Jury finds state guilty of retaliation in whistle-blower case
The New Mexican | 3 comments
Jury says DOH worker wrongly fired
By T.S. Last / Journal Staff Writer | Sat, Aug 10, 2013
Posted: 12:05 am
Compensation to exceed $134K
A Santa Fe jury of 10 women and two men awarded more than $134,000 to a state Department of Health employee who they determined was wrongly fired after she reported problems with federal funding and accounting in the department’s HIV Services Program.
Jennifer Smith, who was fired in July 2012, was seeking compensation under the state’s whistleblower protection act.
The jury’s verdict was unanimous. The judgment included $52,000 in lost wages, which is doubled under the statute, and $30,642 in lost benefits.
Smith, who had been with DOH for six years, was earning $48,000 at the time she was let go.
In addition, the judgment includes attorney fees and costs to bring the lawsuit.
Smith sobbed after the verdict was returned, but didn’t stay around the district courthouse in Santa Fe very long afterward.
“I don’t know if exonerated is the right word, but when you’ve gone through so much and engaged in protective activity for so long, it’s an incredibly powerful and emotional experience,” said Smith’s attorney, Diane Garrity.
Garrity, however, was feeling elated.
“The jury system is the greatest system in the world,” she said. “The jury heard Jennifer’s case and felt the overall conclusion was that Jennifer was a whistleblower who disclosed fraud in the system and because of that was fired.”
Phone messages from the Journal to DOH and its attorney were not immediately returned Friday afternoon. That side had argued that Smith was fired for insubordination.
The jury deliberated about three hours Thursday after closing arguments and another six hours Friday before returning the verdict in Chief Judge Raymond Z. Ortiz’s courtroom.
A year before she was fired, Smith filed a lawsuit against DOH for harassment and retaliation. She alleged then that her supervisors ignored her efforts to correct financial mismanagement and other problems, including failures to compensate providers, missing budget information and failure to file reports with the federal government.
During closing arguments of the four-day trial on Thursday, Garrity argued evidence in the case should lead the jury to conclude that Smith was fired because the DOH had a retaliatory motive to do so.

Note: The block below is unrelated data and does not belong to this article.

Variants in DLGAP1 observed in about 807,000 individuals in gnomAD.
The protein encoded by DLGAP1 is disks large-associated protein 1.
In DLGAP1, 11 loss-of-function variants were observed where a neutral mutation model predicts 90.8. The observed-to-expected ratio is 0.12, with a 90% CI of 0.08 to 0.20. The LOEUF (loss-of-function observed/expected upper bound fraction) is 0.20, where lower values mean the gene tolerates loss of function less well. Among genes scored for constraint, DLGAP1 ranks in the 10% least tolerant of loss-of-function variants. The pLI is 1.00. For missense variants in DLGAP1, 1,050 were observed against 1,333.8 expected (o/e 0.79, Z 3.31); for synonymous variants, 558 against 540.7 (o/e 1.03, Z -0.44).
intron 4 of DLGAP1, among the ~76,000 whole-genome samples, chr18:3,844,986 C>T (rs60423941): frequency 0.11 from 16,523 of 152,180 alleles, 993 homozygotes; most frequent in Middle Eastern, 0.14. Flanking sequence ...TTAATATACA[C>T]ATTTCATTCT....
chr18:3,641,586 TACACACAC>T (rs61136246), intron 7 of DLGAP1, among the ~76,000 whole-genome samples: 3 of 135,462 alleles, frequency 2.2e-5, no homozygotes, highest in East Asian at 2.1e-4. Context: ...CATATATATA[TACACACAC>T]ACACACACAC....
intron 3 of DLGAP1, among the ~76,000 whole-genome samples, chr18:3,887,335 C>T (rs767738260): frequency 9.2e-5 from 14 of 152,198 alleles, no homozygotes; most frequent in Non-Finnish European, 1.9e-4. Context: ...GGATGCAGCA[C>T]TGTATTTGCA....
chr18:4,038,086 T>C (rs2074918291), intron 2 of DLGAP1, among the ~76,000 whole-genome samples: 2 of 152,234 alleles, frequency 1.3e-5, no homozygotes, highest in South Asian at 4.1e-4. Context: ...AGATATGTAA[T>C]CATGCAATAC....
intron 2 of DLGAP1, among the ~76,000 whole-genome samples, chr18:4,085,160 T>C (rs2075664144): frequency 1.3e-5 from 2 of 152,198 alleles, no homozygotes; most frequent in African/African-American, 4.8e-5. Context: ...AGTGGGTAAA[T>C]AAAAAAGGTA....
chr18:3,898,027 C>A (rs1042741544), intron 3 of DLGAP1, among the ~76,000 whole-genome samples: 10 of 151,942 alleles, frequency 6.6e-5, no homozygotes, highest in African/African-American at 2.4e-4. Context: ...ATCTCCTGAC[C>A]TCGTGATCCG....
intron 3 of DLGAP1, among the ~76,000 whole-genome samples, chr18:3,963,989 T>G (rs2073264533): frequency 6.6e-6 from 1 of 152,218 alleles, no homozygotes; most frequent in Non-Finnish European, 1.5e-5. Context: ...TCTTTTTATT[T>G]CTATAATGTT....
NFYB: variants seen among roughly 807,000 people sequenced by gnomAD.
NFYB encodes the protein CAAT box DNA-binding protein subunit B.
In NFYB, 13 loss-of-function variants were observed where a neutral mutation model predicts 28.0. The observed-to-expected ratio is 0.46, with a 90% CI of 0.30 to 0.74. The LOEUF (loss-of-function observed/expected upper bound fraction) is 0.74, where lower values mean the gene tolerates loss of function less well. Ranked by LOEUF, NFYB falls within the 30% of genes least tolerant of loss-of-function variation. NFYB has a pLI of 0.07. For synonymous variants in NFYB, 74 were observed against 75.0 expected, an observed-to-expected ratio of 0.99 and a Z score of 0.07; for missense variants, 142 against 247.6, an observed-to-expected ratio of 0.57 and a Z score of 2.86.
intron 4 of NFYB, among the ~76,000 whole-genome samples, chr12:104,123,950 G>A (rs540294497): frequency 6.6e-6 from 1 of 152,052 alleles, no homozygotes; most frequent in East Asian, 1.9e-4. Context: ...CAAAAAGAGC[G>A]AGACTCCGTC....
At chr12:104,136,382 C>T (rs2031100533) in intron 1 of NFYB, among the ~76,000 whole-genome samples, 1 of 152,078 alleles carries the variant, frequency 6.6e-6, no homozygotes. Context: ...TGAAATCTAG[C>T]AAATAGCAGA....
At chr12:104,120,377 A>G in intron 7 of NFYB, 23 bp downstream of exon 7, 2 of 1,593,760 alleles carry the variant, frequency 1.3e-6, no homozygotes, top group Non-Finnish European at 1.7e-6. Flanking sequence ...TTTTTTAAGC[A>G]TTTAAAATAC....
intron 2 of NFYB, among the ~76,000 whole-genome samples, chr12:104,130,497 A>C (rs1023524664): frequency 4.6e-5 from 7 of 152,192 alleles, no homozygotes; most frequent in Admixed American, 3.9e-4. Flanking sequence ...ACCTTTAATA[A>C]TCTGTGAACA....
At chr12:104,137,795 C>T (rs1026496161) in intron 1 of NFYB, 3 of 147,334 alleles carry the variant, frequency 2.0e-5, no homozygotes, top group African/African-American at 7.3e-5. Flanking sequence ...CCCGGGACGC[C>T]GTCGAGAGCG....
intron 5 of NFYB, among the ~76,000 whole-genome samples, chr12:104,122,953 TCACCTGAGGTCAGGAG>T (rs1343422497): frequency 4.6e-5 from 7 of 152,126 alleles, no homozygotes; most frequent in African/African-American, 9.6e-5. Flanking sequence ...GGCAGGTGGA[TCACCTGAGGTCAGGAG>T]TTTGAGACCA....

Garrity noted that Smith was fired just prior to an audit of the department’s books.
“They got rid of the person who could have told the federal investigators what was going on,” she said.
Garrity acknowledged that Smith had written some “nasty” emails to other employees, but others in the department had written emails that were equally bad and were hardly punished, if at all. She said the harshest discipline anyone within the department had received in the previous five years was a reprimand and wondered aloud why Smith was singled out.
Garrity also said that Smith’s letter of dismissal contained allegations that weren’t true and was so “over the top” that it has prevented her from finding another job.
Attorney Michael Cadigan, representing DOH, argued that the real reason Smith was let go was for insubordination, a series of emails she wrote to her superiors and her refusal to attend meetings.
Cadigan said that Smith’s relationship with her supervisors deteriorated to the point that she refused attend any department meetings without her attorney being present.
“That doesn’t work in the real world,” Cadigan said.
Cadigan also cited “personality conflicts” Smith had with people both inside and outside the department, her refusal to return phone calls and emails or to sign evaluations as justification for her dismissal.
Garrity said she wasn’t sure if Smith would seek to be reinstated to her old job at DOH.
“We have to talk to her about that and see how she would feel about going back,” she said.
If Smith does choose to go back to DOH, Garrity said it would be up to Judge Ortiz to determine whether that would be an equitable remedy.
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